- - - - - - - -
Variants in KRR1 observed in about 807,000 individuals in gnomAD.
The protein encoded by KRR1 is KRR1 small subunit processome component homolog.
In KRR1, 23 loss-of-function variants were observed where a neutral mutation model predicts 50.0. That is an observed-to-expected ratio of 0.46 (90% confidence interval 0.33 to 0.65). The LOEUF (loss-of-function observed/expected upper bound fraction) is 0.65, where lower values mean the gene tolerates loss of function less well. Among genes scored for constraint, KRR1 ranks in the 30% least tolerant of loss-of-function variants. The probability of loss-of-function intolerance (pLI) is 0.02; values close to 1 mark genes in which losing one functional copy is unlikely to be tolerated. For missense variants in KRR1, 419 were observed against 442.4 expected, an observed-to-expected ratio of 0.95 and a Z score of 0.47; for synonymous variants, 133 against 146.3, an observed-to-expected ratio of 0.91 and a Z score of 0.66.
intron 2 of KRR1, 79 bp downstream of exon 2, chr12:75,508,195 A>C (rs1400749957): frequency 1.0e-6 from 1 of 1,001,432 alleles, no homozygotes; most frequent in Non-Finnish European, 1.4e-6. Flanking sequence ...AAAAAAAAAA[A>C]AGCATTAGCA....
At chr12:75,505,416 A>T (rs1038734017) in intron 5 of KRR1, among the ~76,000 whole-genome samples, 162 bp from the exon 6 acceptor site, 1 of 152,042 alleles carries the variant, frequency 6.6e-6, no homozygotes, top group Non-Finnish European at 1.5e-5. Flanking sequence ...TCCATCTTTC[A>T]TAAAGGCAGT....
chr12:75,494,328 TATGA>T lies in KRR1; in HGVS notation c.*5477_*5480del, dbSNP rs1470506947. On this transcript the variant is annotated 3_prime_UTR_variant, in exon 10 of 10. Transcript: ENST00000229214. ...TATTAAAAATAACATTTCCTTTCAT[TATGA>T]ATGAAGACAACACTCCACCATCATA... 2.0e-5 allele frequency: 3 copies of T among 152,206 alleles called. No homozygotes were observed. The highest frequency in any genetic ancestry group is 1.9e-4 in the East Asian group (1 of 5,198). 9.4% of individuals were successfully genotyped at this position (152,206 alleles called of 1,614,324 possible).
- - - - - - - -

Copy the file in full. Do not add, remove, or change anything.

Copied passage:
Variants in KRR1 observed in about 807,000 individuals in gnomAD.
The protein encoded by KRR1 is KRR1 small subunit processome component homolog.
In KRR1, 23 loss-of-function variants were observed where a neutral mutation model predicts 50.0. That is an observed-to-expected ratio of 0.46 (90% confidence interval 0.33 to 0.65). The LOEUF (loss-of-function observed/expected upper bound fraction) is 0.65, where lower values mean the gene tolerates loss of function less well. Among genes scored for constraint, KRR1 ranks in the 30% least tolerant of loss-of-function variants. The probability of loss-of-function intolerance (pLI) is 0.02; values close to 1 mark genes in which losing one functional copy is unlikely to be tolerated. For missense variants in KRR1, 419 were observed against 442.4 expected, an observed-to-expected ratio of 0.95 and a Z score of 0.47; for synonymous variants, 133 against 146.3, an observed-to-expected ratio of 0.91 and a Z score of 0.66.
intron 2 of KRR1, 79 bp downstream of exon 2, chr12:75,508,195 A>C (rs1400749957): frequency 1.0e-6 from 1 of 1,001,432 alleles, no homozygotes; most frequent in Non-Finnish European, 1.4e-6. Flanking sequence ...AAAAAAAAAA[A>C]AGCATTAGCA....
At chr12:75,505,416 A>T (rs1038734017) in intron 5 of KRR1, among the ~76,000 whole-genome samples, 162 bp from the exon 6 acceptor site, 1 of 152,042 alleles carries the variant, frequency 6.6e-6, no homozygotes, top group Non-Finnish European at 1.5e-5. Flanking sequence ...TCCATCTTTC[A>T]TAAAGGCAGT....
chr12:75,494,328 TATGA>T lies in KRR1; in HGVS notation c.*5477_*5480del, dbSNP rs1470506947. On this transcript the variant is annotated 3_prime_UTR_variant, in exon 10 of 10. Transcript: ENST00000229214. ...TATTAAAAATAACATTTCCTTTCAT[TATGA>T]ATGAAGACAACACTCCACCATCATA... 2.0e-5 allele frequency: 3 copies of T among 152,206 alleles called. No homozygotes were observed. The highest frequency in any genetic ancestry group is 1.9e-4 in the East Asian group (1 of 5,198). 9.4% of individuals were successfully genotyped at this position (152,206 alleles called of 1,614,324 possible).